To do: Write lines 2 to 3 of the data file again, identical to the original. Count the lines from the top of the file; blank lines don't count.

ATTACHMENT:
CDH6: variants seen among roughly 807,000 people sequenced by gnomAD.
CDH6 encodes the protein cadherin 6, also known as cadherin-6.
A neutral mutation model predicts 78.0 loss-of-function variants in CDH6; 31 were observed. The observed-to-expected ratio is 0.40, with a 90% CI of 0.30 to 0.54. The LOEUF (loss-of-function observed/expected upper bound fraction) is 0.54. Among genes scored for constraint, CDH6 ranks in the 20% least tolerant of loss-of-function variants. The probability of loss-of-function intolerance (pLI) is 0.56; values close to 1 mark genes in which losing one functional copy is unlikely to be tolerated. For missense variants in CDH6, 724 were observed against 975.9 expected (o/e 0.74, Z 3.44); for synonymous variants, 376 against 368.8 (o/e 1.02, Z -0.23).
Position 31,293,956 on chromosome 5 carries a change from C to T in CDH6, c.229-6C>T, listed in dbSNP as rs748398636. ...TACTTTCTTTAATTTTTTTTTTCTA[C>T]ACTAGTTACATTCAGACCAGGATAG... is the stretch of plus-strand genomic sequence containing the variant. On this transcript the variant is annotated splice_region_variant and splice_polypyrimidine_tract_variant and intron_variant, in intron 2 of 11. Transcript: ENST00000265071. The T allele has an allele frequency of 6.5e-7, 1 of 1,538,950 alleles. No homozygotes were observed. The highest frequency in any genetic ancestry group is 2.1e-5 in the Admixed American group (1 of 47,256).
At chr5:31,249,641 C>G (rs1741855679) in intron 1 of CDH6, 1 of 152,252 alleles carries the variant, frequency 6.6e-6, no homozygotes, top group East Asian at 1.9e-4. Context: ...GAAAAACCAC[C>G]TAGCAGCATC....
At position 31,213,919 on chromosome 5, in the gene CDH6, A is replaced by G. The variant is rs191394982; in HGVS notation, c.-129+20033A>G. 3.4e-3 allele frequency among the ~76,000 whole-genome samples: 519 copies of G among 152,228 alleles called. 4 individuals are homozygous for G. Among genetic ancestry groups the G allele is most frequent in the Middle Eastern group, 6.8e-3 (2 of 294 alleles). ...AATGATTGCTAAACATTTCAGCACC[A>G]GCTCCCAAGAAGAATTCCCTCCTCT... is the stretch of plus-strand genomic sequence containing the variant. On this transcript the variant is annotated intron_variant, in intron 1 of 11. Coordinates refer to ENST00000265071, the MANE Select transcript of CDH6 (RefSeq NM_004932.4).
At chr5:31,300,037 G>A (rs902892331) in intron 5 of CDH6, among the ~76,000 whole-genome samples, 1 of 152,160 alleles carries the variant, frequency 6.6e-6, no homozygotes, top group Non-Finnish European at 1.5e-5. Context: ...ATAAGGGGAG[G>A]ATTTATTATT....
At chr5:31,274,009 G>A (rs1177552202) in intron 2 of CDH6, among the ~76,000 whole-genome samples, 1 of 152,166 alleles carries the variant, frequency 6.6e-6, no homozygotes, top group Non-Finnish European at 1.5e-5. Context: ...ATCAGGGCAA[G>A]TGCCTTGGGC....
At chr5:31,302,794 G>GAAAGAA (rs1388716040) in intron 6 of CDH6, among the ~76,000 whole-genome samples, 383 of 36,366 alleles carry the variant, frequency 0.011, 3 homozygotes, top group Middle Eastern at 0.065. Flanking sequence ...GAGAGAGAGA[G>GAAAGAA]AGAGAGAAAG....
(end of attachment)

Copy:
CDH6 encodes the protein cadherin 6, also known as cadherin-6.
A neutral mutation model predicts 78.0 loss-of-function variants in CDH6; 31 were observed. The observed-to-expected ratio is 0.40, with a 90% CI of 0.30 to 0.54. The LOEUF (loss-of-function observed/expected upper bound fraction) is 0.54. Among genes scored for constraint, CDH6 ranks in the 20% least tolerant of loss-of-function variants. The probability of loss-of-function intolerance (pLI) is 0.56; values close to 1 mark genes in which losing one functional copy is unlikely to be tolerated. For missense variants in CDH6, 724 were observed against 975.9 expected (o/e 0.74, Z 3.44); for synonymous variants, 376 against 368.8 (o/e 1.02, Z -0.23).